Everything you need to know about water shutoff valves

Key tips to remember

  • Knowing where your water shutoff valves are can help prevent water damage in your home.
  • The main valve inside your home will be on the wall facing the street, somewhere near ground level.
  • Each of the smaller plumbing appliances in your home will have its own water shutoff valve.
Maintenance and Repairs, DIY

A serious water leak is one of the fastest ways to significantly damage your home. Flood damage can take a real toll on a home and the family that lives there. However, as long as your own water supply is the issue rather than an outside source, such as a natural flood, you should be able to quickly and easily put a stop to the problem, thanks to some handy things called water shutoff valves.

While water shutoff valves won’t protect your home from the effects of a serious natural disaster, they are powerful tools against any other plumbing disaster. There are a couple of different types of water shutoff valves that will be in different places on your property and control different parts of your system. Understanding what they do and where they are can be immensely helpful in the case of an emergency.

Main water shutoff valves

Every home has two main shutoff valves: one inside the house and the other by where your property meets the street. The simplest way to shut off all water running through your house is to know where the main valve is located inside your house. In the event of an emergency, you can rush to shut it off and immediately prevent any significant damage that the water could inflict.

If you do not know where your valve is located inside your house, you can normally find it on the inside of the perimeter wall that faces the street. All water pipes run in a straight line from the street, so the valve is most likely somewhere against that wall. It won’t be above ground level, so look either somewhere along the bottom of first floor or near the basement ceiling.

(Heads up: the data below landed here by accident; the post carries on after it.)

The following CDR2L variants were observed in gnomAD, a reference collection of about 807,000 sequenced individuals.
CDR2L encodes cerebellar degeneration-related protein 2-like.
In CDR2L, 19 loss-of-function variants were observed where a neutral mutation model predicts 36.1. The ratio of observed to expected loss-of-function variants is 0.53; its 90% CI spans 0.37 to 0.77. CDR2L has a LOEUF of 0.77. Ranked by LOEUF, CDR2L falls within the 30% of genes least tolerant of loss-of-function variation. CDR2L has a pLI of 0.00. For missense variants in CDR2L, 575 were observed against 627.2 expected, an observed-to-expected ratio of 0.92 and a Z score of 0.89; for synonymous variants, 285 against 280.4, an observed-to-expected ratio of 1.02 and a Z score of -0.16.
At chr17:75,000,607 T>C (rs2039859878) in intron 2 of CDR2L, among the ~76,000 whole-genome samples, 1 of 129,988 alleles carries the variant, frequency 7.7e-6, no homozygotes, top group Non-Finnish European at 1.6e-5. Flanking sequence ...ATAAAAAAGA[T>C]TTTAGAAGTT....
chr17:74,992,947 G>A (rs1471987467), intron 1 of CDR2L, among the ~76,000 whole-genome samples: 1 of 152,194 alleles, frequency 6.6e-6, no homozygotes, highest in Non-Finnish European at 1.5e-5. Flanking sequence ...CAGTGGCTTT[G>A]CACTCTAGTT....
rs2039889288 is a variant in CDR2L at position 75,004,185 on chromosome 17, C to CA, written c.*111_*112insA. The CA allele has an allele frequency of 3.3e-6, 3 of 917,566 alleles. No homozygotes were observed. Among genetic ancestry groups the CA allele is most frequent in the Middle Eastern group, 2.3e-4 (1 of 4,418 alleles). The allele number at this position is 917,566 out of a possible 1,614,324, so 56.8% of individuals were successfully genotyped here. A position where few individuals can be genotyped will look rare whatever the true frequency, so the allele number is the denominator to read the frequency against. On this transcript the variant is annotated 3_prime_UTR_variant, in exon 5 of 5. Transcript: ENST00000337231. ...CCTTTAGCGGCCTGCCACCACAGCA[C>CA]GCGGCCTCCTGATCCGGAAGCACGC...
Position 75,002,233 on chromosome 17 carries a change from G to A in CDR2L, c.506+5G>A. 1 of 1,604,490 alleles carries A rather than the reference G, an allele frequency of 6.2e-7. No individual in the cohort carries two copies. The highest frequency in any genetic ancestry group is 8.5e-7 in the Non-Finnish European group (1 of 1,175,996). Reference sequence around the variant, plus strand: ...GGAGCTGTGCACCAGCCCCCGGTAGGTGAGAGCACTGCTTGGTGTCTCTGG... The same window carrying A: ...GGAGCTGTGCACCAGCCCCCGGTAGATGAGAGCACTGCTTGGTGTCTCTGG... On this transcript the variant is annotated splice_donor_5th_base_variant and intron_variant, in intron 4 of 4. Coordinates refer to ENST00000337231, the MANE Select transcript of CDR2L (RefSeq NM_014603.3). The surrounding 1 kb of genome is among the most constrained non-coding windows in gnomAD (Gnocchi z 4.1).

If you cannot find the main valve inside your home, head out to the street to see if you can find the metal or plastic utility box at ground level. It should be right at the boundary line of your property and the street. When you find it, remove the lid to see what you are working with.

There may be sand or dirt inside if you live in an area of the country where it freezes in the winter; this is there to prevent the pipes from freezing. Dig around the dirt or otherwise temporarily remove it so you can see the water meter and two valves. The one on the street side is for the water company — do not turn it! It should be designed so that only the water company can turn it, but even if you think you can, avoid the temptation because there may be legal ramifications for doing so.

There will be another valve on the side facing your house, and this is the one to turn. It should have a knob — or maybe a nut — and you can turn it yourself. However, if you are unclear about anything, you can call the water company, and they can either walk you through it or send someone to help.

Shutoff valves closer to the source

While the main valve shuts off water to the whole house, there may be situations where just shutting off a portion of your home’s water supply is better than shutting down the whole system. Try using the local shutoff valve on the source for a leak in your toilet, sink, washing machine or bathtub with exposed plumbing. Most of these household devices have exposed valves that should be easy enough to find. Turning it will shut off the water supply to whatever it is attached to without disrupting the water running throughout the rest of the house.

If you think you have a leak or are having any plumbing issues, it is best to have a service professional check it out. This is where a Cinch home protection plan comes in handy. It covers a majority of your built-in home systems and appliances to help save serious time and money on repairs and replacements. Get a quote today!


The information in this article is intended to provide guidance on the proper maintenance and care of systems and appliances in the home. Not all of the topics mentioned are covered by our home warranty or maintenance plans. Please review your home warranty contract carefully to understand your coverage.